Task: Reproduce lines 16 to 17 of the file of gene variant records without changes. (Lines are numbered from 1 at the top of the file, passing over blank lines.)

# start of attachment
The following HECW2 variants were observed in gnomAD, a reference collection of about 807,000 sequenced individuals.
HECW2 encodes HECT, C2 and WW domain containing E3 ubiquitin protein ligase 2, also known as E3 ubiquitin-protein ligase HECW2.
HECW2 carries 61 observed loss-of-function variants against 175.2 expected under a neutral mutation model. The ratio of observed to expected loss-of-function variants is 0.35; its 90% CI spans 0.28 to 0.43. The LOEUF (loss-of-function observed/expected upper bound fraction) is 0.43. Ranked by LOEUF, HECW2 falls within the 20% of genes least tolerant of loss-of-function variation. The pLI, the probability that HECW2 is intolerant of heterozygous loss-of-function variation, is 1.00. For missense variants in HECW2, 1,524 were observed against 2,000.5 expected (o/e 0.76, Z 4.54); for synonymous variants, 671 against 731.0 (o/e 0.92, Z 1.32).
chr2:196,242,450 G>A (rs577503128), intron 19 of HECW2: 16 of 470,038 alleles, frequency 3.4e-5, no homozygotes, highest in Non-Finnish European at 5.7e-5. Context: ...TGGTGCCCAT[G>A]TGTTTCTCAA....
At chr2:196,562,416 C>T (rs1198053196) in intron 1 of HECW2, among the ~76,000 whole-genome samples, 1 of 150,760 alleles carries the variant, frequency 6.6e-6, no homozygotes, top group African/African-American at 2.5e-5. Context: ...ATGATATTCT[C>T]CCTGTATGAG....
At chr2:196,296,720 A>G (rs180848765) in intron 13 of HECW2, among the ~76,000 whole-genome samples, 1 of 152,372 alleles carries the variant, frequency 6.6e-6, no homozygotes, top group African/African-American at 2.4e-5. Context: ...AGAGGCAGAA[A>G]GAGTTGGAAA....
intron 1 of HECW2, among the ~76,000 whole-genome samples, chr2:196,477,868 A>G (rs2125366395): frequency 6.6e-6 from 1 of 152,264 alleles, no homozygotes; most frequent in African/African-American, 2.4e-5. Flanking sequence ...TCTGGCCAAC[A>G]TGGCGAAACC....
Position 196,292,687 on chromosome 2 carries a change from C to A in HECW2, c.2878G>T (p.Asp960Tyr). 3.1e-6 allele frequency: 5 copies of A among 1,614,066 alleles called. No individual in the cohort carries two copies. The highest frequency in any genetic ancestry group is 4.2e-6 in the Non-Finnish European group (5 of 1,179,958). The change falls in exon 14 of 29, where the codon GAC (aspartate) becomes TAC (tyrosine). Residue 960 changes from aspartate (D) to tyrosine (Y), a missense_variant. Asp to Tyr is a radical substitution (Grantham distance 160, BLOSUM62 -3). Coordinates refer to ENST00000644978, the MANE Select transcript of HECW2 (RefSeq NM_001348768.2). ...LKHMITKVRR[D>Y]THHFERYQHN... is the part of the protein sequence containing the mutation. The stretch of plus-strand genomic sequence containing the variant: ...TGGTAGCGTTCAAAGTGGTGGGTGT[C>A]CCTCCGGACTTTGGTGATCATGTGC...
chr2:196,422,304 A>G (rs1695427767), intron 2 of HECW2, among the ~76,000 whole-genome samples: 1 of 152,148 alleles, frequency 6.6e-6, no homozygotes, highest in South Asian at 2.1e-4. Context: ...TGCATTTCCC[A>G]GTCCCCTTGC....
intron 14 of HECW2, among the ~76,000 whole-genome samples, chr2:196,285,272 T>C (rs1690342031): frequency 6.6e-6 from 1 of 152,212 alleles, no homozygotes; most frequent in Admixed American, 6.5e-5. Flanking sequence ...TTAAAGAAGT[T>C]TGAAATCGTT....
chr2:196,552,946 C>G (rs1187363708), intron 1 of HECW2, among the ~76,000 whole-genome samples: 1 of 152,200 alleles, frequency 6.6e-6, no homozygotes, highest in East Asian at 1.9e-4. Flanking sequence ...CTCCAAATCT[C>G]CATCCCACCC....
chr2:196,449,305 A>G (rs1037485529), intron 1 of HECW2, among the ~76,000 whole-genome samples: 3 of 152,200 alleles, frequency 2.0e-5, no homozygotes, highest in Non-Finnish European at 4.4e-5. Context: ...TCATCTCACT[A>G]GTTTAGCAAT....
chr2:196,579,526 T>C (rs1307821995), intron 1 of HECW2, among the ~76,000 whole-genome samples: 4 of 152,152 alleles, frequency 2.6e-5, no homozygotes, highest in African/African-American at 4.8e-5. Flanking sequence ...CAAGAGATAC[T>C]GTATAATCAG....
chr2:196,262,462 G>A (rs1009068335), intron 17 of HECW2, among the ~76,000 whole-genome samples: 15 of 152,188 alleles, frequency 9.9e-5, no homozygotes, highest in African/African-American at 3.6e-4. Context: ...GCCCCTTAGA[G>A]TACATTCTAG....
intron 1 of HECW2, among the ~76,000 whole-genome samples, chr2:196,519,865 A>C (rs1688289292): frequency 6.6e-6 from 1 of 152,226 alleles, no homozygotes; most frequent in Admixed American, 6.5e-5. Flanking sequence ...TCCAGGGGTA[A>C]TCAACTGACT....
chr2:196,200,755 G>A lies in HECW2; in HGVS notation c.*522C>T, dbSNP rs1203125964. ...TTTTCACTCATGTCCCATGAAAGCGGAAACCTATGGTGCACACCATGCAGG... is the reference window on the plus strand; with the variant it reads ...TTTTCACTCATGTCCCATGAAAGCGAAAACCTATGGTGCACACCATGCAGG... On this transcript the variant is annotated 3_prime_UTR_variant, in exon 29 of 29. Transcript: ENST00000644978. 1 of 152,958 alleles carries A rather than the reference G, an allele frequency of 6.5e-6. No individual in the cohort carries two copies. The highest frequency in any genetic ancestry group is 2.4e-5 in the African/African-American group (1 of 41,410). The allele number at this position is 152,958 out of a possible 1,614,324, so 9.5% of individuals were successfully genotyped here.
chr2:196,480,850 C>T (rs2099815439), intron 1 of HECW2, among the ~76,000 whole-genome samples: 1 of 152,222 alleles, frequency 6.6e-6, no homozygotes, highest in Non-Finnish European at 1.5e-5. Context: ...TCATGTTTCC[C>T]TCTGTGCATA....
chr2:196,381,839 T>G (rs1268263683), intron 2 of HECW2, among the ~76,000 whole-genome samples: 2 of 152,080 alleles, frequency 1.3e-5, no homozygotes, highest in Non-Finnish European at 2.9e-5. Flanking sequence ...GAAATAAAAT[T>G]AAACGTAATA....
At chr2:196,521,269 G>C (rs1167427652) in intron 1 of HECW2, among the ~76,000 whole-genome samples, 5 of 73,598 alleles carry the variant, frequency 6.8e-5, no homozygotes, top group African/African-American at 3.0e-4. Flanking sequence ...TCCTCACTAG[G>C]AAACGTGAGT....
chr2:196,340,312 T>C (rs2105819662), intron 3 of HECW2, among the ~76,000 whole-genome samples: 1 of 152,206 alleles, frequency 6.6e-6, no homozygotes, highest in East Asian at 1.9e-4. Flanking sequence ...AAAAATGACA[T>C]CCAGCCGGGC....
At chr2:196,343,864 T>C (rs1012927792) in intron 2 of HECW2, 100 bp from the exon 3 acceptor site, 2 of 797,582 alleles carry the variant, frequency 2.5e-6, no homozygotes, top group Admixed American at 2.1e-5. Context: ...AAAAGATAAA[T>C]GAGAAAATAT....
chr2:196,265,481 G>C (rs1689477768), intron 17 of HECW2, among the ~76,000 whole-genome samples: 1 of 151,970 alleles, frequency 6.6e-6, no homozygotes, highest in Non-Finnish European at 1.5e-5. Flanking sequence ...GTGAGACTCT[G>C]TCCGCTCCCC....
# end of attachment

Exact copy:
chr2:196,200,755 G>A lies in HECW2; in HGVS notation c.*522C>T, dbSNP rs1203125964. ...TTTTCACTCATGTCCCATGAAAGCGGAAACCTATGGTGCACACCATGCAGG... is the reference window on the plus strand; with the variant it reads ...TTTTCACTCATGTCCCATGAAAGCGAAAACCTATGGTGCACACCATGCAGG... On this transcript the variant is annotated 3_prime_UTR_variant, in exon 29 of 29. Transcript: ENST00000644978. 1 of 152,958 alleles carries A rather than the reference G, an allele frequency of 6.5e-6. No individual in the cohort carries two copies. The highest frequency in any genetic ancestry group is 2.4e-5 in the African/African-American group (1 of 41,410). The allele number at this position is 152,958 out of a possible 1,614,324, so 9.5% of individuals were successfully genotyped here.
chr2:196,480,850 C>T (rs2099815439), intron 1 of HECW2, among the ~76,000 whole-genome samples: 1 of 152,222 alleles, frequency 6.6e-6, no homozygotes, highest in Non-Finnish European at 1.5e-5. Context: ...TCATGTTTCC[C>T]TCTGTGCATA....